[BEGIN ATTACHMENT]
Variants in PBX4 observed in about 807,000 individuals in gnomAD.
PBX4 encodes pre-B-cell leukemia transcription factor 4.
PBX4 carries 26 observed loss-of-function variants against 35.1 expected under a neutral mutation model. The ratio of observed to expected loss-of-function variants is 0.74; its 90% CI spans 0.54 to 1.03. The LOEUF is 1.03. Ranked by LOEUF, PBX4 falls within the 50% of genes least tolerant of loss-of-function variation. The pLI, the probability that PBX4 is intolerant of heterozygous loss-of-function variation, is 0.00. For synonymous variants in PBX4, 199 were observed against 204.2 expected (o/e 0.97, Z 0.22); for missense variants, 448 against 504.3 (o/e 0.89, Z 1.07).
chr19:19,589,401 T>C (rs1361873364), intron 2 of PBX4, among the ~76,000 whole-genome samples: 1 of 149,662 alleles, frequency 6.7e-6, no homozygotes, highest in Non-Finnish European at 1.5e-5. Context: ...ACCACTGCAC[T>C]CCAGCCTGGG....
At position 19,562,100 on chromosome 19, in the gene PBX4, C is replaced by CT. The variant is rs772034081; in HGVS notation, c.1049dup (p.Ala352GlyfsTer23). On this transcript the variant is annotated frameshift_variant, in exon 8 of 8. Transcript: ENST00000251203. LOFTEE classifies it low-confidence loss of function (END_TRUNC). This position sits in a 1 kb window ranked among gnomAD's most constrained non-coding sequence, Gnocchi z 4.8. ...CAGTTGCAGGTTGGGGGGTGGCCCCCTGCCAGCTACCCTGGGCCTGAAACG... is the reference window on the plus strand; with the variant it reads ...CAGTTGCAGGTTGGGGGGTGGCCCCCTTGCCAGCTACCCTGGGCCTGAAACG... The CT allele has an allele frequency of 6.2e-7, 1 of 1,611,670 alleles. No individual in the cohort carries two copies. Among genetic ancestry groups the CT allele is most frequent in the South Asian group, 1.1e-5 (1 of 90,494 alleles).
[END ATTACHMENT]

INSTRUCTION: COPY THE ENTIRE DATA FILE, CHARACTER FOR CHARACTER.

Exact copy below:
Variants in PBX4 observed in about 807,000 individuals in gnomAD.
PBX4 encodes pre-B-cell leukemia transcription factor 4.
PBX4 carries 26 observed loss-of-function variants against 35.1 expected under a neutral mutation model. The ratio of observed to expected loss-of-function variants is 0.74; its 90% CI spans 0.54 to 1.03. The LOEUF is 1.03. Ranked by LOEUF, PBX4 falls within the 50% of genes least tolerant of loss-of-function variation. The pLI, the probability that PBX4 is intolerant of heterozygous loss-of-function variation, is 0.00. For synonymous variants in PBX4, 199 were observed against 204.2 expected (o/e 0.97, Z 0.22); for missense variants, 448 against 504.3 (o/e 0.89, Z 1.07).
chr19:19,589,401 T>C (rs1361873364), intron 2 of PBX4, among the ~76,000 whole-genome samples: 1 of 149,662 alleles, frequency 6.7e-6, no homozygotes, highest in Non-Finnish European at 1.5e-5. Context: ...ACCACTGCAC[T>C]CCAGCCTGGG....
At position 19,562,100 on chromosome 19, in the gene PBX4, C is replaced by CT. The variant is rs772034081; in HGVS notation, c.1049dup (p.Ala352GlyfsTer23). On this transcript the variant is annotated frameshift_variant, in exon 8 of 8. Transcript: ENST00000251203. LOFTEE classifies it low-confidence loss of function (END_TRUNC). This position sits in a 1 kb window ranked among gnomAD's most constrained non-coding sequence, Gnocchi z 4.8. ...CAGTTGCAGGTTGGGGGGTGGCCCCCTGCCAGCTACCCTGGGCCTGAAACG... is the reference window on the plus strand; with the variant it reads ...CAGTTGCAGGTTGGGGGGTGGCCCCCTTGCCAGCTACCCTGGGCCTGAAACG... The CT allele has an allele frequency of 6.2e-7, 1 of 1,611,670 alleles. No individual in the cohort carries two copies. Among genetic ancestry groups the CT allele is most frequent in the South Asian group, 1.1e-5 (1 of 90,494 alleles).